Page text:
"What teams such as the Crusaders, Chiefs and Bulls have shown is that culture is everything. It's one thing to have money but it's knowing what to do with that money - how to offer the right environment for the players, how to build the right coaching teams and create a unique culture."
Even if the new team gets everything right with its set-up, which would be nothing short of miraculous, history has shown that Super Rugby's newest entities such as the Force and Rebels have high player turnover.
With so much adversity built into the path of the 18th team, will it ever be anything more than a club aspiring players use to get themselves to other destinations, to earn contracts with teams they want to play for longer-term?
The new venture can be looked at from all angles but each one reveals the same thing. Placing a team in Asia is a get-rich-quick scheme for Super Rugby and it's not difficult to understand why that's an attractive proposition.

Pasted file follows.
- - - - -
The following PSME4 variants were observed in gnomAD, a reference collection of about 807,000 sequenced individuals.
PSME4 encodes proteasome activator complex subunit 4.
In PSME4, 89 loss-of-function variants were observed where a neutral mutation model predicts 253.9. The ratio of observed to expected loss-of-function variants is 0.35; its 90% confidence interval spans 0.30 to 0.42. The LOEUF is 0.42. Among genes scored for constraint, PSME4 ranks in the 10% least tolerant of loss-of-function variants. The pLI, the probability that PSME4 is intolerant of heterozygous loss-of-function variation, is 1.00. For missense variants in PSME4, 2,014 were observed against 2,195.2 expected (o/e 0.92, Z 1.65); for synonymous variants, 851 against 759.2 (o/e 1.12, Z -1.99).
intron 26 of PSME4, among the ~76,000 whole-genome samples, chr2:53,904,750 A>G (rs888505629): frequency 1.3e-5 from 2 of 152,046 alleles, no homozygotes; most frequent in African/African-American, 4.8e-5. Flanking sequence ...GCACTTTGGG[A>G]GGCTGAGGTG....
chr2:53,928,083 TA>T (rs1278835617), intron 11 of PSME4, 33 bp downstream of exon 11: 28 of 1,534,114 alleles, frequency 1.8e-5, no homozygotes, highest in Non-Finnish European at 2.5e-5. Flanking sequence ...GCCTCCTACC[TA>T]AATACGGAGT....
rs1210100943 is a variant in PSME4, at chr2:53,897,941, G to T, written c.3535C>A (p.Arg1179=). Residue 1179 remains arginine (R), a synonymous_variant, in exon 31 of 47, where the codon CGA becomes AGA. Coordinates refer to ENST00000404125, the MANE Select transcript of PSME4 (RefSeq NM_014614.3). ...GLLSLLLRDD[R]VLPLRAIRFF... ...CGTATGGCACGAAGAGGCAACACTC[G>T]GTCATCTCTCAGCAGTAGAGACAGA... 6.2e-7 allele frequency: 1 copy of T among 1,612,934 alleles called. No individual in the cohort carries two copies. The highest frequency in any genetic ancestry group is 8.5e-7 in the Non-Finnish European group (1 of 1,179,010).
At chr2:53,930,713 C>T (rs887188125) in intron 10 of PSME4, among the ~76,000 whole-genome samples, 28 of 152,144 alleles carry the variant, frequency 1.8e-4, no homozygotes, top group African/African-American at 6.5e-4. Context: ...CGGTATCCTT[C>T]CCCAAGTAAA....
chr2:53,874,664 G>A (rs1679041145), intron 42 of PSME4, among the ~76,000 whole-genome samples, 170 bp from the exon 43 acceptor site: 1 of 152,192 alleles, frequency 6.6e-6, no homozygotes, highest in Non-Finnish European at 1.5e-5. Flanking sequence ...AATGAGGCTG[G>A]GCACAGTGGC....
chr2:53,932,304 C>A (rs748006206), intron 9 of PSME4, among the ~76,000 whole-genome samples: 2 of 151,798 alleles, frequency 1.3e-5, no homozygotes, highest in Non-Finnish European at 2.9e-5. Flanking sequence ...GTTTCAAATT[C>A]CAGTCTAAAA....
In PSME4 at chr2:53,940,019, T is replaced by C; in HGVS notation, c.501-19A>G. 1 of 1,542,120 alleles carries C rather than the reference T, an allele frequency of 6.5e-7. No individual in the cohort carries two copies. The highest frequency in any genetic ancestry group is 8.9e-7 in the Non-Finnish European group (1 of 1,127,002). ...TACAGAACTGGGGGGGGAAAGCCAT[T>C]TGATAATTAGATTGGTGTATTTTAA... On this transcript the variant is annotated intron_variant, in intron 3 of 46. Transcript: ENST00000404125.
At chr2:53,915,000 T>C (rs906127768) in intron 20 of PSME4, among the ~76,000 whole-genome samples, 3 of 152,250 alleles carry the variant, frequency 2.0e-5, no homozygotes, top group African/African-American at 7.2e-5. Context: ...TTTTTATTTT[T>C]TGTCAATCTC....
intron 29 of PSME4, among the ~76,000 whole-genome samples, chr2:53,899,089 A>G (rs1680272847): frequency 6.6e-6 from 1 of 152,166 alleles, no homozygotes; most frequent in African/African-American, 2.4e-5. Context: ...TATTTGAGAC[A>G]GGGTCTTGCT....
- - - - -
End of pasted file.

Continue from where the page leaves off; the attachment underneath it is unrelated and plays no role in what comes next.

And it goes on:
The Australian Rugby Union would have effectively been bankrupt last year had it not been for the cash injection hosting the Lions brought. Even with that income, their combined losses over the last two years are A$15 million.
The New Zealand Rugby Union, while in good financial shape, subscribe to the Wallis Simpson theory that you can never be too thin or have enough money.
That's because the game here is only ever one broken relationship away from ruin - lose AIG or adidas and the money out will be a bigger pile than money in, hence the need to diversify income streams.
There's also the likelihood the inclusion of an Argentine team in the new format will be a break even exercise. The game there has commercial support and a wealthy fan base but the cost of running teams in and out of Argentina will be high.
Singapore is the proverbial light to Sanzar's moth. The city state has created a sporting hub which includes a state-of-the-art 55,000-seat national stadium and is actively touting to host major teams and events, including the 2018 World Cup Sevens.
It's also believed Singapore is the most likely venue if the All Blacks play a test outside the November release window in November 2016.
Chasing money to underpin the competition is not something Sanzar should be ashamed about. With more money comes the ability to keep more players, build better facilities and grow participation rates in the established nations.